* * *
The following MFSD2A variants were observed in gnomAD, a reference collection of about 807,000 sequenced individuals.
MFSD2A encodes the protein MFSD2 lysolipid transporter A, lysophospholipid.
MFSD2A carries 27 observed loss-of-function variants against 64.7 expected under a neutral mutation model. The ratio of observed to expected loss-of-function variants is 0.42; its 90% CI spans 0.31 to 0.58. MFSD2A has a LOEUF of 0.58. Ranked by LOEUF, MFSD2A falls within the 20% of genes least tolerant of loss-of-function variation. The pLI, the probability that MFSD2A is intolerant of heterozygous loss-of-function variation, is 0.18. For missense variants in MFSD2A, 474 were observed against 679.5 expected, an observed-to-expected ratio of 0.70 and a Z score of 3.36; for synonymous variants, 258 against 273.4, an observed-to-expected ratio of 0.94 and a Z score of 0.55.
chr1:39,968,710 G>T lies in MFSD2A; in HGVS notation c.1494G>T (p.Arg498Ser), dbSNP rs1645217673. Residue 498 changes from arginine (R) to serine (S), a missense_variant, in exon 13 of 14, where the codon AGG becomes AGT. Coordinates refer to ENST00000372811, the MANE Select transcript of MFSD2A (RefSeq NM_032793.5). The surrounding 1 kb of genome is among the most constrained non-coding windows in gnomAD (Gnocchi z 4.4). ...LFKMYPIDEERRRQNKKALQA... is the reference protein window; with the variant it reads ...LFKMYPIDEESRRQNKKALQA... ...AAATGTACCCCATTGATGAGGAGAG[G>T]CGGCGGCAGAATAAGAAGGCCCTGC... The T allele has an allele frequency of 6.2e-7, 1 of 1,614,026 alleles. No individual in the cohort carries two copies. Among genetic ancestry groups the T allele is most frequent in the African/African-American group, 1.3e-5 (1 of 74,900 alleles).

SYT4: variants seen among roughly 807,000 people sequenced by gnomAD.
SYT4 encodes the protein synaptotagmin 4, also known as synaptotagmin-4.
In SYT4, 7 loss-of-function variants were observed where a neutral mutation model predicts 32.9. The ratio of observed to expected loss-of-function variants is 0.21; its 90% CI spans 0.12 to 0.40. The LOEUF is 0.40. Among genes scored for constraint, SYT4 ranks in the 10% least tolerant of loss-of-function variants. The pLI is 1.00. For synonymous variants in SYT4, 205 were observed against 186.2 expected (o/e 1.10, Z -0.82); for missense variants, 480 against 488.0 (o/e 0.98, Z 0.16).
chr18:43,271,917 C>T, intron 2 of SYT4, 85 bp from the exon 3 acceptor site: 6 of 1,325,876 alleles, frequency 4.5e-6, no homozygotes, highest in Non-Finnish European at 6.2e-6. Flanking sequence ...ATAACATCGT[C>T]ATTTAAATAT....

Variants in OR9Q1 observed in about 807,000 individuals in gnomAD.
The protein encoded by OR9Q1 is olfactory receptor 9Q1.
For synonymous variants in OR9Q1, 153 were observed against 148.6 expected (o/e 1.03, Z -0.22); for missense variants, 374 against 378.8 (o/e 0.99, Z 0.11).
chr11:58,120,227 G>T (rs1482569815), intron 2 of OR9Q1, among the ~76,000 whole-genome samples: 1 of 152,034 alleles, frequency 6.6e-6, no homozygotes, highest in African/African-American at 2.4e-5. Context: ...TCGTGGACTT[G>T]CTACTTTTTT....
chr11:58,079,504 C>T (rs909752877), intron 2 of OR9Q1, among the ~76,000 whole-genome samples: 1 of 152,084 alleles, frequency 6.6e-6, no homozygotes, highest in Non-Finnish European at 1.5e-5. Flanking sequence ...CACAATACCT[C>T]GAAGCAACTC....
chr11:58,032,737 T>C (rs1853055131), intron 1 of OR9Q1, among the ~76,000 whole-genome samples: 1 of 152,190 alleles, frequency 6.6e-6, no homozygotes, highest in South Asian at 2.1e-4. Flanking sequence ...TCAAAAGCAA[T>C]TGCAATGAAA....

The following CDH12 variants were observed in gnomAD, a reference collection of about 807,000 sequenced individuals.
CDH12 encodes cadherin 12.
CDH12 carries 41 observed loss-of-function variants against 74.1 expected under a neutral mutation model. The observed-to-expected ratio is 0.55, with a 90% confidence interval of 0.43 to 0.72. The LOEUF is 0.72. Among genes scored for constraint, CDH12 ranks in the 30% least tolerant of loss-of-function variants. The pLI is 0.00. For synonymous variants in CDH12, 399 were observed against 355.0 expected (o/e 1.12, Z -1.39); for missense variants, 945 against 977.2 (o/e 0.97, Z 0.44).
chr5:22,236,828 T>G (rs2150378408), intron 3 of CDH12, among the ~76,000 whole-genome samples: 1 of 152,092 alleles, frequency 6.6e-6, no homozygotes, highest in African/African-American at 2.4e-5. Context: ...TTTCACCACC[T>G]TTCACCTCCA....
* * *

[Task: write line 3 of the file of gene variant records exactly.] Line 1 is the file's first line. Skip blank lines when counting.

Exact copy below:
MFSD2A carries 27 observed loss-of-function variants against 64.7 expected under a neutral mutation model. The ratio of observed to expected loss-of-function variants is 0.42; its 90% CI spans 0.31 to 0.58. MFSD2A has a LOEUF of 0.58. Ranked by LOEUF, MFSD2A falls within the 20% of genes least tolerant of loss-of-function variation. The pLI, the probability that MFSD2A is intolerant of heterozygous loss-of-function variation, is 0.18. For missense variants in MFSD2A, 474 were observed against 679.5 expected, an observed-to-expected ratio of 0.70 and a Z score of 3.36; for synonymous variants, 258 against 273.4, an observed-to-expected ratio of 0.94 and a Z score of 0.55.